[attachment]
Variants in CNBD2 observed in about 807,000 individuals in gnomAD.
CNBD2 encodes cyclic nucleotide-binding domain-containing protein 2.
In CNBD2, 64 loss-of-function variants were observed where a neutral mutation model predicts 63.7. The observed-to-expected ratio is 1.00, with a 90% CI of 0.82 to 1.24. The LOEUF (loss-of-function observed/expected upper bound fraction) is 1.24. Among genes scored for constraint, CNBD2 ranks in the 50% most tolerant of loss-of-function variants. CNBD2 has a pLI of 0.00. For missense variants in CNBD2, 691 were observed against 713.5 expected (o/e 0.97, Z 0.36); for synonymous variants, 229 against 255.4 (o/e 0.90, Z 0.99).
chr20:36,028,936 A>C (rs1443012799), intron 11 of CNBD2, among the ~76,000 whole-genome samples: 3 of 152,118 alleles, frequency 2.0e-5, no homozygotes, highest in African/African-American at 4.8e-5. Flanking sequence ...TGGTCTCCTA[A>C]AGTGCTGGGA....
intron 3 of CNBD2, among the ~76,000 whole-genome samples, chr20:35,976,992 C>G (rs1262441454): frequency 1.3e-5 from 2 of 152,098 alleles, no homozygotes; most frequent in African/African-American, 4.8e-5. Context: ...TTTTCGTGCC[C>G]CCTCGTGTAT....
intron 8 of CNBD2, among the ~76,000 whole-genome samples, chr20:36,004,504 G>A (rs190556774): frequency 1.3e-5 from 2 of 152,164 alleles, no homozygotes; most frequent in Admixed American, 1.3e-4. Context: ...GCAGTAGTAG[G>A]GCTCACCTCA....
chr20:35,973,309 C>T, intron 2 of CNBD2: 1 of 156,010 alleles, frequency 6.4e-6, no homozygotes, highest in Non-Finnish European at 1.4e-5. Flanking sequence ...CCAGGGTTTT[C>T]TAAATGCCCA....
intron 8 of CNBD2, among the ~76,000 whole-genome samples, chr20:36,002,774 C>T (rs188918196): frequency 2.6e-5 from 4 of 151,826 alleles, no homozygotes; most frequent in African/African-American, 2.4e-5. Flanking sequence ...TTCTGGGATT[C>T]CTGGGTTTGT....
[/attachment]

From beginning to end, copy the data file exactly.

Variants in CNBD2 observed in about 807,000 individuals in gnomAD.
CNBD2 encodes cyclic nucleotide-binding domain-containing protein 2.
In CNBD2, 64 loss-of-function variants were observed where a neutral mutation model predicts 63.7. The observed-to-expected ratio is 1.00, with a 90% CI of 0.82 to 1.24. The LOEUF (loss-of-function observed/expected upper bound fraction) is 1.24. Among genes scored for constraint, CNBD2 ranks in the 50% most tolerant of loss-of-function variants. CNBD2 has a pLI of 0.00. For missense variants in CNBD2, 691 were observed against 713.5 expected (o/e 0.97, Z 0.36); for synonymous variants, 229 against 255.4 (o/e 0.90, Z 0.99).
chr20:36,028,936 A>C (rs1443012799), intron 11 of CNBD2, among the ~76,000 whole-genome samples: 3 of 152,118 alleles, frequency 2.0e-5, no homozygotes, highest in African/African-American at 4.8e-5. Flanking sequence ...TGGTCTCCTA[A>C]AGTGCTGGGA....
intron 3 of CNBD2, among the ~76,000 whole-genome samples, chr20:35,976,992 C>G (rs1262441454): frequency 1.3e-5 from 2 of 152,098 alleles, no homozygotes; most frequent in African/African-American, 4.8e-5. Context: ...TTTTCGTGCC[C>G]CCTCGTGTAT....
intron 8 of CNBD2, among the ~76,000 whole-genome samples, chr20:36,004,504 G>A (rs190556774): frequency 1.3e-5 from 2 of 152,164 alleles, no homozygotes; most frequent in Admixed American, 1.3e-4. Context: ...GCAGTAGTAG[G>A]GCTCACCTCA....
chr20:35,973,309 C>T, intron 2 of CNBD2: 1 of 156,010 alleles, frequency 6.4e-6, no homozygotes, highest in Non-Finnish European at 1.4e-5. Flanking sequence ...CCAGGGTTTT[C>T]TAAATGCCCA....
intron 8 of CNBD2, among the ~76,000 whole-genome samples, chr20:36,002,774 C>T (rs188918196): frequency 2.6e-5 from 4 of 151,826 alleles, no homozygotes; most frequent in African/African-American, 2.4e-5. Flanking sequence ...TTCTGGGATT[C>T]CTGGGTTTGT....